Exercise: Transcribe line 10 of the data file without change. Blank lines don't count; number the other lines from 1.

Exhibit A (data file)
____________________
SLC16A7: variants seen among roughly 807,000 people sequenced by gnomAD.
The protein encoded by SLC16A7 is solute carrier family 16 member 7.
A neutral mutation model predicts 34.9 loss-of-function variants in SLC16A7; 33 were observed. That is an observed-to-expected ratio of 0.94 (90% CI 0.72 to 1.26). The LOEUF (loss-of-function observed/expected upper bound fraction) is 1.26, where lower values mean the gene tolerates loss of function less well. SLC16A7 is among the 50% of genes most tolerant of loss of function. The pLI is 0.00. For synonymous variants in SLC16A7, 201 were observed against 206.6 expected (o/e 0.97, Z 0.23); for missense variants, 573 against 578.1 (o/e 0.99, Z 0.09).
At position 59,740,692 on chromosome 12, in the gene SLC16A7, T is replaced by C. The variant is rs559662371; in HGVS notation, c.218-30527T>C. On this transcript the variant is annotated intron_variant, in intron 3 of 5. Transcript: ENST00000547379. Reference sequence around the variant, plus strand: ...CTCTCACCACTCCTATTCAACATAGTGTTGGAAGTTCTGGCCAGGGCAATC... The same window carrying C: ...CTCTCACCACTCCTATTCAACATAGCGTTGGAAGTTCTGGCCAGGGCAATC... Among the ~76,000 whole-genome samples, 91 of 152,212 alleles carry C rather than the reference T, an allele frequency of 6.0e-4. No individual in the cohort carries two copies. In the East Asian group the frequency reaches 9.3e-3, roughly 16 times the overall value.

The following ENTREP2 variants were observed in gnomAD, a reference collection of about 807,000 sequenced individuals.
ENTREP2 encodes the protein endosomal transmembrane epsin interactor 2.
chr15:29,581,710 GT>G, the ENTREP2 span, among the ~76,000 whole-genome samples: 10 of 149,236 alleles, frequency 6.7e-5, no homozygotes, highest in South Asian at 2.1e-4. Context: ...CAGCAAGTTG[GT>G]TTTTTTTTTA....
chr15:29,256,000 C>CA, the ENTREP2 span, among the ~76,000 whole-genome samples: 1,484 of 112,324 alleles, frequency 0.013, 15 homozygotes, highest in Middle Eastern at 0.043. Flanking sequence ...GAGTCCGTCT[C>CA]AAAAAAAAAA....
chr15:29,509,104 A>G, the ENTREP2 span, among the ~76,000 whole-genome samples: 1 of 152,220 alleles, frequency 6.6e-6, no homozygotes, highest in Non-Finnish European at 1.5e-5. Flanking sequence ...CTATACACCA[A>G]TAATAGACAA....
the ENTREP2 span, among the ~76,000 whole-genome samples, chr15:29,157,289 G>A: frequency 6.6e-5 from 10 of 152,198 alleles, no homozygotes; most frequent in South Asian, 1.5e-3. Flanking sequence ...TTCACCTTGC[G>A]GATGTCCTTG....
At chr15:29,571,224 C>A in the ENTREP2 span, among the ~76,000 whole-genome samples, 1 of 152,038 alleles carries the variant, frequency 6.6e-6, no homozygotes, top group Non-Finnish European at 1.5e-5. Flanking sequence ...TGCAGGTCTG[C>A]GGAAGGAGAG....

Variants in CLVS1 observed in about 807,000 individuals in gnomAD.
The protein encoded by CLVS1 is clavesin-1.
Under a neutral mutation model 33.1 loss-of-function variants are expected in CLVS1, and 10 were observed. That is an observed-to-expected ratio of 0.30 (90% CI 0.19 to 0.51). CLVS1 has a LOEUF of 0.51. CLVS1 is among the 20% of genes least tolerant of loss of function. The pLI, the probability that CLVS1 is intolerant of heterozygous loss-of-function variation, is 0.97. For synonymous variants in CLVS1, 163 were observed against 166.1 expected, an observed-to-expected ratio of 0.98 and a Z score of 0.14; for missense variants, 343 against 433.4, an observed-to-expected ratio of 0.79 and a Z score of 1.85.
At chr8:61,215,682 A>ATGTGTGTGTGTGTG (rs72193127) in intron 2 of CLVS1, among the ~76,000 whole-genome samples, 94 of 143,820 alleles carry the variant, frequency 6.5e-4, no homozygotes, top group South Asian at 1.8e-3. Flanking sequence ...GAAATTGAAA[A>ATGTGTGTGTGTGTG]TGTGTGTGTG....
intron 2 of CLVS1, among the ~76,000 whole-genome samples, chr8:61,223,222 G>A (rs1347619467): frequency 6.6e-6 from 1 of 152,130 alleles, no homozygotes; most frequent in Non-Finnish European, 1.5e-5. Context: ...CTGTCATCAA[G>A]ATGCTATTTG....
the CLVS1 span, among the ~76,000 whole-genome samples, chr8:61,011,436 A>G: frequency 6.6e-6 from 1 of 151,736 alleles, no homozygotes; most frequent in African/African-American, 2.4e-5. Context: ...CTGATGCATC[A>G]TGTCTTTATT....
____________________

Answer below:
the ENTREP2 span, among the ~76,000 whole-genome samples, chr15:29,157,289 G>A: frequency 6.6e-5 from 10 of 152,198 alleles, no homozygotes; most frequent in South Asian, 1.5e-3. Flanking sequence ...TTCACCTTGC[G>A]GATGTCCTTG....